Panic attacks can be scary. An attack can come without warning, and it can make you feel out of control.
Suzanne Godfrey, LCPC, NCC, board-certified counselor at Bingham Memorial Hospital (BMH), wants people to know they don’t have to live in fear of having a panic attack. She provides some useful information about panic attacks and how to get help.
People who experience frequent panic attacks are diagnosed with a panic disorder, which is a serious condition that strikes without reason or warning. A panic disorder is different from a normal fear reaction to stressful events, and people with a panic disorder have sudden and repeated attacks of fear that last for several minutes or longer. These are called panic attacks, but can feel like you’re having a heart attack.
First, know the warning signs of panic attacks. Symptoms include:
- Rapid heart rate
- Trouble swallowing
But, panic attacks and heart attacks can both include:
- Intense chest pain
- Shortness of breath
A telltale sign of a heart attack is the presence of chest pain, often described as crushing or like an elephant sitting on your chest. The pain starts in the middle of the chest and may refer down the left arm and into the back. If you have these symptoms for more than five minutes, do not hesitate to call 911 immediately. If you do not have access to 911 services, or if you are away from a phone, have someone drive you to the nearest emergency room.
Symptoms of a panic attack usually peak (and then start to subside) after about 10 minutes. And, the chest pain, while uncomfortable, lacks the crushing quality described by patients who have actually had a heart attack. The pain is limited to the chest area and comes and goes. Further, the tingling and numbness, sometimes felt during a panic attack, is not limited to the left arm, but can occur in the right arm, legs, and toes as well.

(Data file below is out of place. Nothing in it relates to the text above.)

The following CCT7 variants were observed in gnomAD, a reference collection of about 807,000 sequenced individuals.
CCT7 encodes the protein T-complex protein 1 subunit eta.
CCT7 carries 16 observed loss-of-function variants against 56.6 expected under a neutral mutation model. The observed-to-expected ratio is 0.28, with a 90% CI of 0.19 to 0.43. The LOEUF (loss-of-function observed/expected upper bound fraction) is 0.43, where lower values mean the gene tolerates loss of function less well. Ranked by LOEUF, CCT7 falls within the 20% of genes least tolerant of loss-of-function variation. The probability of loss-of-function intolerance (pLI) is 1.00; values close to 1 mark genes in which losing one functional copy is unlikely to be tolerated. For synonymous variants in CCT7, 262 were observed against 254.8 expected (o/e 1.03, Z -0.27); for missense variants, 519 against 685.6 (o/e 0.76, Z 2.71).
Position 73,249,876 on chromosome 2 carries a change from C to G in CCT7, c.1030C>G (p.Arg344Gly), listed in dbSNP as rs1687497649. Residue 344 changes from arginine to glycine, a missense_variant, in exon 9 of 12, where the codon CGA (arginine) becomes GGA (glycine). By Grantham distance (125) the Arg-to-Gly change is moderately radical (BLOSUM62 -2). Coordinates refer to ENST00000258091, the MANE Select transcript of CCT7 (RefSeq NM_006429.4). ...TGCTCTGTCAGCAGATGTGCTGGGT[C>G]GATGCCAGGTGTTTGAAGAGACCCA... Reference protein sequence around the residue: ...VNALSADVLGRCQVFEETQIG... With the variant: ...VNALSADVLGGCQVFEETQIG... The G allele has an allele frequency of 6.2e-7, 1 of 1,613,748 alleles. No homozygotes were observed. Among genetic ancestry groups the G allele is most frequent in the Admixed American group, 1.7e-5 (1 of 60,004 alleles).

Panic attacks feel like heart attacks for a reason: Both share symptoms like rapid heartbeat, chest tightness, and sweating. And here’s another connection: The stress that can bring on a panic attack is linked to high blood pressure and heart disease. All of this suggests that if stress is a standard part of your daily life, it might be a good idea to monitor your blood pressure. Since it’s not practical to see your doctor for regular monitoring, can you trust the DIY kiosks at the drugstore?
“There are ways to get more accurate readings,” says Suzanne.
The machines at drugstores are probably not regularly calibrated, which can cause inaccurate readings. If you want to measure your blood pressure between medical appointments, purchase a home blood pressure monitor and be sure to use it at the same time every day.
“Signs of panic attacks are different for each person, though, so keep track of yours,” says Suzanne. “If you have panic attacks that regularly occur, please see a doctor. If not treated, panic attacks could get worse over time. You don’t want to live in fear of another attack.”
Your doctor can help you find treatment that works for you. Be ready to answer the doctor’s questions. Your doctor might order a simple blood test. If your panic is severe, you might be diagnosed with a panic disorder.
“Talk therapy and meds are two effective options,” says Suzanne. “Your doctor might prescribe one or both. Medicine can help you control symptoms. Talk therapy can get to the root of the issue. There is no quick solution. But your life can get better.”
Not Sure Where to Begin?
Suzanne Godfrey, LCPC, NCC, board-certified counselor, has a background in psychology and marital, couple, and family counseling. She has helped clients of all ages struggling with a range of issues, including: familial and marital discord; grief and loss; substance abuse; sexual dysfunction; serious and persistent mental illness; sexual and domestic abuse; codependency; anger management; personality disorders; and, acute and post-traumatic stress disorders.
If you or a loved one are experiencing the debilitating effects of panic attacks, schedule a consultation with Suzanne by calling (208) 785-3800. She can help you to determine your best course of action. She sees patients in Idaho Falls, Blackfoot, and Pocatello, and is always welcoming new patients.